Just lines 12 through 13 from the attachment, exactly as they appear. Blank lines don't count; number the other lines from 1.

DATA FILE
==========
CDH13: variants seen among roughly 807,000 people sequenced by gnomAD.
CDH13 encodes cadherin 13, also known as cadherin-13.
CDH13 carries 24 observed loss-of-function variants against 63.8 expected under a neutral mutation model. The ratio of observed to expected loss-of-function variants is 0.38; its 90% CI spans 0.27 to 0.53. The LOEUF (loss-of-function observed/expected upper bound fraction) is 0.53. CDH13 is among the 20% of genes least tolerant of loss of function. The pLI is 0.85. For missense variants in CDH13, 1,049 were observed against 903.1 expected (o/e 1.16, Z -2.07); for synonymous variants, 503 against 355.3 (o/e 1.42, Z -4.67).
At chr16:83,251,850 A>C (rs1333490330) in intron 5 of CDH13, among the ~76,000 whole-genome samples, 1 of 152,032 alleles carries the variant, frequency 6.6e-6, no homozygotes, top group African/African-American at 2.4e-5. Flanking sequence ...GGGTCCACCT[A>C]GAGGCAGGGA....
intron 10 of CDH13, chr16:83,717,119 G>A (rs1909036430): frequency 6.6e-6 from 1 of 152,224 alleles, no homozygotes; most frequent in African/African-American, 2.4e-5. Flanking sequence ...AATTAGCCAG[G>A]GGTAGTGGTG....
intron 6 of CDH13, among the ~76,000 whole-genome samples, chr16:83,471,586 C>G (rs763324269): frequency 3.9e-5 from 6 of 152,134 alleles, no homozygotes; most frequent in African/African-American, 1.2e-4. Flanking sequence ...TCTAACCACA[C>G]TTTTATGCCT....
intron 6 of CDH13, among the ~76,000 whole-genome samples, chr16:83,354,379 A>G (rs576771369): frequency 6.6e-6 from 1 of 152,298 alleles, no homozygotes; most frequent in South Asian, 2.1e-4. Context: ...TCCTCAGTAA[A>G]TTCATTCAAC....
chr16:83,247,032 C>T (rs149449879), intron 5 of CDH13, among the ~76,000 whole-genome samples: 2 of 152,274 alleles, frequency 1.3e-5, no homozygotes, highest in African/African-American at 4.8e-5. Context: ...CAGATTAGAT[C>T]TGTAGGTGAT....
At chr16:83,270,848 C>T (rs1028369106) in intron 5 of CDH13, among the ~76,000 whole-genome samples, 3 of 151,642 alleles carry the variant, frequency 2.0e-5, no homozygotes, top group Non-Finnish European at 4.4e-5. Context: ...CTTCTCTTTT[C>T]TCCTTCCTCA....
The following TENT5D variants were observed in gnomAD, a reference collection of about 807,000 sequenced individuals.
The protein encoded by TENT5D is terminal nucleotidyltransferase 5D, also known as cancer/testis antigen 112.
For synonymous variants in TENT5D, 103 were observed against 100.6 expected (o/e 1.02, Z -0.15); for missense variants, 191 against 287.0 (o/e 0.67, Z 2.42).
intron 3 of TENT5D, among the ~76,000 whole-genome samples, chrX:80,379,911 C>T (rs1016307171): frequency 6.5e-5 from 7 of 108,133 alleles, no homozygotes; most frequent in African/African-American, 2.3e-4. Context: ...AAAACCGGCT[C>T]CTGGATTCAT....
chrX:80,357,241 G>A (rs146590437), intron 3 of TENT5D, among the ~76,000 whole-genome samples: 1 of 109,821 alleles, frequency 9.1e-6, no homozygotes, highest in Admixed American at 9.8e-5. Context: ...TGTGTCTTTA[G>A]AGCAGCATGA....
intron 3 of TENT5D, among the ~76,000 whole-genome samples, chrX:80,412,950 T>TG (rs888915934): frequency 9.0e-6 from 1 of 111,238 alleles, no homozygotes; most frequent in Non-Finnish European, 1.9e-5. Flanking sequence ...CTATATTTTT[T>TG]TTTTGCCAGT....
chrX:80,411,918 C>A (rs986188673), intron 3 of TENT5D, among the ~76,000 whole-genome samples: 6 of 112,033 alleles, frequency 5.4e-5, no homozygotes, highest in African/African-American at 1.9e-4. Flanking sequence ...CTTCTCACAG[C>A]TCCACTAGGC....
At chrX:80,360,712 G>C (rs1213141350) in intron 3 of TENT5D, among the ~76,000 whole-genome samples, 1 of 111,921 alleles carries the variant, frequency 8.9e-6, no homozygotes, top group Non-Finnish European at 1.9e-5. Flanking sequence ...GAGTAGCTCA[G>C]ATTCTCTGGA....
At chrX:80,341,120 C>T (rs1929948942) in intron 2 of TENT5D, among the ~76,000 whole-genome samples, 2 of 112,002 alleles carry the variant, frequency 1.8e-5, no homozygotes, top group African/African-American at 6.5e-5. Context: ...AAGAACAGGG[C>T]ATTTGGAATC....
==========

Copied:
For synonymous variants in TENT5D, 103 were observed against 100.6 expected (o/e 1.02, Z -0.15); for missense variants, 191 against 287.0 (o/e 0.67, Z 2.42).
intron 3 of TENT5D, among the ~76,000 whole-genome samples, chrX:80,379,911 C>T (rs1016307171): frequency 6.5e-5 from 7 of 108,133 alleles, no homozygotes; most frequent in African/African-American, 2.3e-4. Context: ...AAAACCGGCT[C>T]CTGGATTCAT....